Humane Society

Paws and Claws kennel assistant, Valeri Borer, checks each kennel to make sure all the animals have enough water before closing down for the night.

COLUMBUS - The Platte Valley Humane Society turned down a grant from the Humane Society of the United States because of the national group's support of legislative measures affect the agriculture industry

The board of directors for the local humane society voted against accepting a $5,000 grant from national Humane Society. The 10 member board was unanimous in its rejection.

The group was approached with the grant a couple of weeks ago after a visit from a representative from the welfare group.

A letter sent to the national group declining the donation states that the local society is in an agricultural community and is concerned that "some of your policies regarding farm animals would be in conflict with the ideals of many of our local supporters."

The national Humane Society is not affiliated with the local shelter. It has not given a donation to the organization in the past and the proposed grant wasn't sought out, said board president Steve McClure.

The Platte Valley Humane Society relies on donations to help operate and care for the animals at the Erna R. Badstieber Paws and Claws Adoption Center.

The $5,000 that was offered is almost half of what is raised during the Platte Valley annual Furball, its biggest fundraiser of the year. So dismissing the grant was a difficult decision.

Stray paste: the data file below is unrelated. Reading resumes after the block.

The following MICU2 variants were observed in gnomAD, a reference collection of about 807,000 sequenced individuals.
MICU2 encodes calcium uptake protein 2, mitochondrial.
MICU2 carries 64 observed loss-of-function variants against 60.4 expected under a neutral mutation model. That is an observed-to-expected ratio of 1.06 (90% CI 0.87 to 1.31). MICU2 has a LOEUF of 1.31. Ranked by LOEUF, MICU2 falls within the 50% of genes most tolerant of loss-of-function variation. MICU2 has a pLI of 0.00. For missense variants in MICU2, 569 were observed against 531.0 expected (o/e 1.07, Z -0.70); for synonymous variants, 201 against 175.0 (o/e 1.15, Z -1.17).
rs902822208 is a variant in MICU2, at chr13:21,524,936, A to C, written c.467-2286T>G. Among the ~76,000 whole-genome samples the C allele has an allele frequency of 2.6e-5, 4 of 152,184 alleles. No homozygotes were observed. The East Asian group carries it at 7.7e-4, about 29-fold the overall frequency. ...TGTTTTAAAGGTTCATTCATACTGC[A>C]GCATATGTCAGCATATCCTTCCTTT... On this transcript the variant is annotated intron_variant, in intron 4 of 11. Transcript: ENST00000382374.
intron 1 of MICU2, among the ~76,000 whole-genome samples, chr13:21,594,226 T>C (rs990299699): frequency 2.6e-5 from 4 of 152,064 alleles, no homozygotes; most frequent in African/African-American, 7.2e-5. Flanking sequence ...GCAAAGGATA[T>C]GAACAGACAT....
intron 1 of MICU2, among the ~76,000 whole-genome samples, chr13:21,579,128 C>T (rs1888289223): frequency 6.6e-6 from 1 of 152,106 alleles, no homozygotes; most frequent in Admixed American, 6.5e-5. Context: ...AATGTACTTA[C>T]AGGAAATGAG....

"Without a doubt, the HSUS does some good. But there are some causes that they have that seem a little bit in conflict with our local people since we are an agricultural community," McClure said.

He said the organization's promotion of eating less meat was one of the conflicts. McClure said that is contrary to a lot of the local agricultural companies.

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The decision by the board earned praise from local ag producers.

"Our humane society distancing themselves from the HSUS says an awful lot. I commend Deb Potter and the entire board for making that decision. They believe in the agriculture community and producers," said Jim Pillen, president of Progressive Swine Technologies.

Pillen said the "HSUS is a Trojan horse hiding behind dogs and cats," and that the organization misrepresents what it does. According to its own website, the HSUS is not affiliated with local animal shelters. The organization promotes advocacy, pet-ownership education and passage and enforcement of animal protections laws.

With agriculture and the livestock industry a big part of the state's economy, concerns have been raised about organizations like HSUS pushing for legislation that would change how the industry is ran.

In recent months, Nebraska Gov. Dave Heineman has been outspoken about the group and its possible efforts for a ballot initiative directed at animal agriculture. Locally, the Columbus Chamber of Commerce recently passed a resolution supporting livestock production in the state and opposing influences from outside groups.

"The chamber is strongly supportive of the state's livestock industry and are aware of the challenges the HSUS has presented to other parts of the country," said Chamber President K.C. Belitz.

McClure said the local humane society receives support from people in the ag industry and from animal advocates. They didn't want to anger either side by taking the grant.

"We thought that maybe we should just bow out and not accept these funds and maybe we wouldn't be crossing any feelings of people who are advocates and those in the industry," McClure said.

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